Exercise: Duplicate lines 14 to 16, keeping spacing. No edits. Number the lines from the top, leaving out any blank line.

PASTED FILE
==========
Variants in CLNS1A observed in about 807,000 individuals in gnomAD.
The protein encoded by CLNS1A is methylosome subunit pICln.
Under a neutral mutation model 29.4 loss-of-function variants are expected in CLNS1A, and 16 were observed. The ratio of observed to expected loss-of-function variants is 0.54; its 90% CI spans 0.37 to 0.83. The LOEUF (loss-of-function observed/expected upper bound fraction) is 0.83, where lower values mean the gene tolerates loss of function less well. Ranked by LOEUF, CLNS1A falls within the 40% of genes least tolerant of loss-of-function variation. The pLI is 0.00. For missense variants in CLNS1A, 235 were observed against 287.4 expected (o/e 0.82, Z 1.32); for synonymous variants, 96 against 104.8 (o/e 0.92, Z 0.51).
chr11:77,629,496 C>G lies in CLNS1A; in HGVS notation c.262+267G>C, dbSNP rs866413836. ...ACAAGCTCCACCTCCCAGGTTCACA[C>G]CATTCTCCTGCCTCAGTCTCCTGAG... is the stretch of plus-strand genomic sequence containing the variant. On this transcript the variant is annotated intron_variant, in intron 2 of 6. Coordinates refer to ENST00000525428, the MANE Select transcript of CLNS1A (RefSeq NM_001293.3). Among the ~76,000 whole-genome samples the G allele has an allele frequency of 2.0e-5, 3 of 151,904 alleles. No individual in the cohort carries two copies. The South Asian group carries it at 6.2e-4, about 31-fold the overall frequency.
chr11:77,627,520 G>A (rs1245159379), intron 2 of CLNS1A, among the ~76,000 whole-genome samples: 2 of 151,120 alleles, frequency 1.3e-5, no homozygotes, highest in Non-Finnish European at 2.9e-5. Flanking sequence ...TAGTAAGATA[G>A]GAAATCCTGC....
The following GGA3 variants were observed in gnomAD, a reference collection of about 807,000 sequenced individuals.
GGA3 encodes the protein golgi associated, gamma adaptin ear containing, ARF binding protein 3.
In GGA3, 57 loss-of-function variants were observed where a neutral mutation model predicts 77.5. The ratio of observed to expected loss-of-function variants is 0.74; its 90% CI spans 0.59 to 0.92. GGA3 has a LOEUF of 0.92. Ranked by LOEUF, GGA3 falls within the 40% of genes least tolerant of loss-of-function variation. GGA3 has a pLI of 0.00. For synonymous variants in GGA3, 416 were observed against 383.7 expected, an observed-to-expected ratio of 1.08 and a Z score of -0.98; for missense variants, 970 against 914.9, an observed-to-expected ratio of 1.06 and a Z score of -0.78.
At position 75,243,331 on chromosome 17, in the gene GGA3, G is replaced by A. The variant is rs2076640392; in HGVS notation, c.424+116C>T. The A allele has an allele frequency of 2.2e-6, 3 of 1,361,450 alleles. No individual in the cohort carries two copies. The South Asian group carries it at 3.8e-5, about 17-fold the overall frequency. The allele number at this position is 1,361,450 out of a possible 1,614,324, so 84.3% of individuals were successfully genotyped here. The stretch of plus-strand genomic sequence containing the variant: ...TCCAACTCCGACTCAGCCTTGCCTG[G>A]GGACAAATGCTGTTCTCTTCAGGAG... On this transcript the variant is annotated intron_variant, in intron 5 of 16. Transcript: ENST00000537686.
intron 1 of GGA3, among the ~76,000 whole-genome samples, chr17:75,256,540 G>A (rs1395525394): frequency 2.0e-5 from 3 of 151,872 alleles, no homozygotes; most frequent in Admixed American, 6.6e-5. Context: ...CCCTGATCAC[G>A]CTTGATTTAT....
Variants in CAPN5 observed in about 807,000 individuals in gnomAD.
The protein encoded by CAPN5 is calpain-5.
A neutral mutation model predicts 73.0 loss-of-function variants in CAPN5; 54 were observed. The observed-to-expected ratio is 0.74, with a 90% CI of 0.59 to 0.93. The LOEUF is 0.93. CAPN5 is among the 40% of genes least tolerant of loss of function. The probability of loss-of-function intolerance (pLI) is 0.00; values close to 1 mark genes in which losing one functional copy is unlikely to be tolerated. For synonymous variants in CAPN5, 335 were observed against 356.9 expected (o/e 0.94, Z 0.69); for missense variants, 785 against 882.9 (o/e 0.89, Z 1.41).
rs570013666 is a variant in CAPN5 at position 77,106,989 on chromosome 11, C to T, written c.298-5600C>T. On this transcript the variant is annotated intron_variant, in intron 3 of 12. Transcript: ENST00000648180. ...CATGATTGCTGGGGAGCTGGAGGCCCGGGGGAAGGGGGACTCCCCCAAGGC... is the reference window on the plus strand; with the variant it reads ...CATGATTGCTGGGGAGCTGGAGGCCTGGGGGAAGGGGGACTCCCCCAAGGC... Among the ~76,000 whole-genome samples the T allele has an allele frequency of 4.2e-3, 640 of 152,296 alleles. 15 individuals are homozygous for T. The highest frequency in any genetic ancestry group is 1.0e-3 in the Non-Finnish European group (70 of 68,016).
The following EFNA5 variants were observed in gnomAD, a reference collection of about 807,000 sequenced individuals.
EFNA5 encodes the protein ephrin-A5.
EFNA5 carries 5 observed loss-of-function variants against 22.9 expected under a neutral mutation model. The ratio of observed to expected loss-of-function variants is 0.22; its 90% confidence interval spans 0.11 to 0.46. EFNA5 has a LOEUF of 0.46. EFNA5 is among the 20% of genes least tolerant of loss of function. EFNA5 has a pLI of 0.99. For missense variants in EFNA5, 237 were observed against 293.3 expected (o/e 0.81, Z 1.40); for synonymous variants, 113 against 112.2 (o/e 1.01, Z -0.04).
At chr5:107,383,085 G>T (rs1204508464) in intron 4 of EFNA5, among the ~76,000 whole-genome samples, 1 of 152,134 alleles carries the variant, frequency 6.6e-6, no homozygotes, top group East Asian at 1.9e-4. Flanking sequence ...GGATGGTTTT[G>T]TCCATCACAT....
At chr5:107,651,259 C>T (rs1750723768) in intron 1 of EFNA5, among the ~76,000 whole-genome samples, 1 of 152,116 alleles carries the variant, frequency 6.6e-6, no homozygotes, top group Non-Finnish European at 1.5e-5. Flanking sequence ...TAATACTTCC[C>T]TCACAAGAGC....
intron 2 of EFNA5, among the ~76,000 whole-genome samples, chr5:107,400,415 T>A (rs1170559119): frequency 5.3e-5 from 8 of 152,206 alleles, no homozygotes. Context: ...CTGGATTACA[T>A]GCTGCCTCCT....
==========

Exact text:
rs570013666 is a variant in CAPN5 at position 77,106,989 on chromosome 11, C to T, written c.298-5600C>T. On this transcript the variant is annotated intron_variant, in intron 3 of 12. Transcript: ENST00000648180. ...CATGATTGCTGGGGAGCTGGAGGCCCGGGGGAAGGGGGACTCCCCCAAGGC... is the reference window on the plus strand; with the variant it reads ...CATGATTGCTGGGGAGCTGGAGGCCTGGGGGAAGGGGGACTCCCCCAAGGC... Among the ~76,000 whole-genome samples the T allele has an allele frequency of 4.2e-3, 640 of 152,296 alleles. 15 individuals are homozygous for T. The highest frequency in any genetic ancestry group is 1.0e-3 in the Non-Finnish European group (70 of 68,016).
The following EFNA5 variants were observed in gnomAD, a reference collection of about 807,000 sequenced individuals.
EFNA5 encodes the protein ephrin-A5.